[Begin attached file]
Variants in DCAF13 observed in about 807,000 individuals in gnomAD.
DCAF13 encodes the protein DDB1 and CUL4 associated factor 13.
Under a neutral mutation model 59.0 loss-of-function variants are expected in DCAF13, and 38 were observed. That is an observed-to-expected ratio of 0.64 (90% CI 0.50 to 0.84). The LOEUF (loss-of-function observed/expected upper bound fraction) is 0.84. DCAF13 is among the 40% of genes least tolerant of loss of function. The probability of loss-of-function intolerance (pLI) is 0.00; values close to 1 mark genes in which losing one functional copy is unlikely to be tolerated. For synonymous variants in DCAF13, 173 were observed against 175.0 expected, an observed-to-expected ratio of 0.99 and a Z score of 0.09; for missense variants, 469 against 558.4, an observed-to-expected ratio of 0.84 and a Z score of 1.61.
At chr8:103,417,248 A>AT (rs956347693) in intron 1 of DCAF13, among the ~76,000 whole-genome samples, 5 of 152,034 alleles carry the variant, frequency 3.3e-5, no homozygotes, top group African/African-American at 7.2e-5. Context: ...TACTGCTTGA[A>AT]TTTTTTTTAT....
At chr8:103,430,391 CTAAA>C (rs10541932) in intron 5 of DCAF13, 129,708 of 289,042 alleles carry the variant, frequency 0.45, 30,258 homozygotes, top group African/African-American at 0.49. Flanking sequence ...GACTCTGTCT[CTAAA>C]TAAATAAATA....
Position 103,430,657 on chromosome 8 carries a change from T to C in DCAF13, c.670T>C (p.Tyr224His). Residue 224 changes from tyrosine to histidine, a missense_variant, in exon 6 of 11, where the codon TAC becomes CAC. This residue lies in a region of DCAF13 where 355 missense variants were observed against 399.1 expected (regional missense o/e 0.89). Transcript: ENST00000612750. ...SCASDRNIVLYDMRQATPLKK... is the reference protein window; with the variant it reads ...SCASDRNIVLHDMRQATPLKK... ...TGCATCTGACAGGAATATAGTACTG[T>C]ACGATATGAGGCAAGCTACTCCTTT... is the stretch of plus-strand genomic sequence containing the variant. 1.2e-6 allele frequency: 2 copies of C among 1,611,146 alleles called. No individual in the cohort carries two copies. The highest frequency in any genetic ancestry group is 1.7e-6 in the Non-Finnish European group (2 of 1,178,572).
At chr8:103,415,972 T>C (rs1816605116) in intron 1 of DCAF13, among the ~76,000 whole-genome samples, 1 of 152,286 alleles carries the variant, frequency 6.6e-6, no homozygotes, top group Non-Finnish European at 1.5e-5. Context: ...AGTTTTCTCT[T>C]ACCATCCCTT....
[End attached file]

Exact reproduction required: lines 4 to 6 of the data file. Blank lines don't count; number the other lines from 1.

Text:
At chr8:103,417,248 A>AT (rs956347693) in intron 1 of DCAF13, among the ~76,000 whole-genome samples, 5 of 152,034 alleles carry the variant, frequency 3.3e-5, no homozygotes, top group African/African-American at 7.2e-5. Context: ...TACTGCTTGA[A>AT]TTTTTTTTAT....
At chr8:103,430,391 CTAAA>C (rs10541932) in intron 5 of DCAF13, 129,708 of 289,042 alleles carry the variant, frequency 0.45, 30,258 homozygotes, top group African/African-American at 0.49. Flanking sequence ...GACTCTGTCT[CTAAA>C]TAAATAAATA....
Position 103,430,657 on chromosome 8 carries a change from T to C in DCAF13, c.670T>C (p.Tyr224His). Residue 224 changes from tyrosine to histidine, a missense_variant, in exon 6 of 11, where the codon TAC becomes CAC. This residue lies in a region of DCAF13 where 355 missense variants were observed against 399.1 expected (regional missense o/e 0.89). Transcript: ENST00000612750. ...SCASDRNIVLYDMRQATPLKK... is the reference protein window; with the variant it reads ...SCASDRNIVLHDMRQATPLKK... ...TGCATCTGACAGGAATATAGTACTG[T>C]ACGATATGAGGCAAGCTACTCCTTT... is the stretch of plus-strand genomic sequence containing the variant. 1.2e-6 allele frequency: 2 copies of C among 1,611,146 alleles called. No individual in the cohort carries two copies. The highest frequency in any genetic ancestry group is 1.7e-6 in the Non-Finnish European group (2 of 1,178,572).